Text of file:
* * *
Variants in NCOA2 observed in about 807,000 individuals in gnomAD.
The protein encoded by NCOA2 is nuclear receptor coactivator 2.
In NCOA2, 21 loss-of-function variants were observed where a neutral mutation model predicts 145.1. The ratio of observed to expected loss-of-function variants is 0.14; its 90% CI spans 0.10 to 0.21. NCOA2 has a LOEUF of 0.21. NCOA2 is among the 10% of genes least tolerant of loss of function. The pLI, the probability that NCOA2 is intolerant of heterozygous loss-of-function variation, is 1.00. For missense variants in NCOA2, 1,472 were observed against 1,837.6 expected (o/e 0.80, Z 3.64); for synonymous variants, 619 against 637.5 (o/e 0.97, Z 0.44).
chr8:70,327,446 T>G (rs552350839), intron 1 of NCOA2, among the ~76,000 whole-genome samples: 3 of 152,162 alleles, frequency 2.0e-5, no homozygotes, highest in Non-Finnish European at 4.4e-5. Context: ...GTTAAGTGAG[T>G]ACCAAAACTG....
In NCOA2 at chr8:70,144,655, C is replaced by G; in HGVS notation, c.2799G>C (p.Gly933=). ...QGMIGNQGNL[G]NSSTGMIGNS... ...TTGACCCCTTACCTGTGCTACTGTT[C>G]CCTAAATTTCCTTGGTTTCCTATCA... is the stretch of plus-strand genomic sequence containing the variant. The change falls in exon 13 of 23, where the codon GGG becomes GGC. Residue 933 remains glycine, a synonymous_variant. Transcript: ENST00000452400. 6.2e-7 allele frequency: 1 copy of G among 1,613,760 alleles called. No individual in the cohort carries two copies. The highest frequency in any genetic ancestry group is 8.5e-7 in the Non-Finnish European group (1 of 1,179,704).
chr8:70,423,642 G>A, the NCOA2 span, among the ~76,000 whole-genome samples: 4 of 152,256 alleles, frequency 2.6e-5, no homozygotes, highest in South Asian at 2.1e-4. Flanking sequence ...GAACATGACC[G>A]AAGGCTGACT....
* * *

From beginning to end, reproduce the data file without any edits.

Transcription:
Variants in NCOA2 observed in about 807,000 individuals in gnomAD.
The protein encoded by NCOA2 is nuclear receptor coactivator 2.
In NCOA2, 21 loss-of-function variants were observed where a neutral mutation model predicts 145.1. The ratio of observed to expected loss-of-function variants is 0.14; its 90% CI spans 0.10 to 0.21. NCOA2 has a LOEUF of 0.21. NCOA2 is among the 10% of genes least tolerant of loss of function. The pLI, the probability that NCOA2 is intolerant of heterozygous loss-of-function variation, is 1.00. For missense variants in NCOA2, 1,472 were observed against 1,837.6 expected (o/e 0.80, Z 3.64); for synonymous variants, 619 against 637.5 (o/e 0.97, Z 0.44).
chr8:70,327,446 T>G (rs552350839), intron 1 of NCOA2, among the ~76,000 whole-genome samples: 3 of 152,162 alleles, frequency 2.0e-5, no homozygotes, highest in Non-Finnish European at 4.4e-5. Context: ...GTTAAGTGAG[T>G]ACCAAAACTG....
In NCOA2 at chr8:70,144,655, C is replaced by G; in HGVS notation, c.2799G>C (p.Gly933=). ...QGMIGNQGNL[G]NSSTGMIGNS... ...TTGACCCCTTACCTGTGCTACTGTT[C>G]CCTAAATTTCCTTGGTTTCCTATCA... is the stretch of plus-strand genomic sequence containing the variant. The change falls in exon 13 of 23, where the codon GGG becomes GGC. Residue 933 remains glycine, a synonymous_variant. Transcript: ENST00000452400. 6.2e-7 allele frequency: 1 copy of G among 1,613,760 alleles called. No individual in the cohort carries two copies. The highest frequency in any genetic ancestry group is 8.5e-7 in the Non-Finnish European group (1 of 1,179,704).
chr8:70,423,642 G>A, the NCOA2 span, among the ~76,000 whole-genome samples: 4 of 152,256 alleles, frequency 2.6e-5, no homozygotes, highest in South Asian at 2.1e-4. Flanking sequence ...GAACATGACC[G>A]AAGGCTGACT....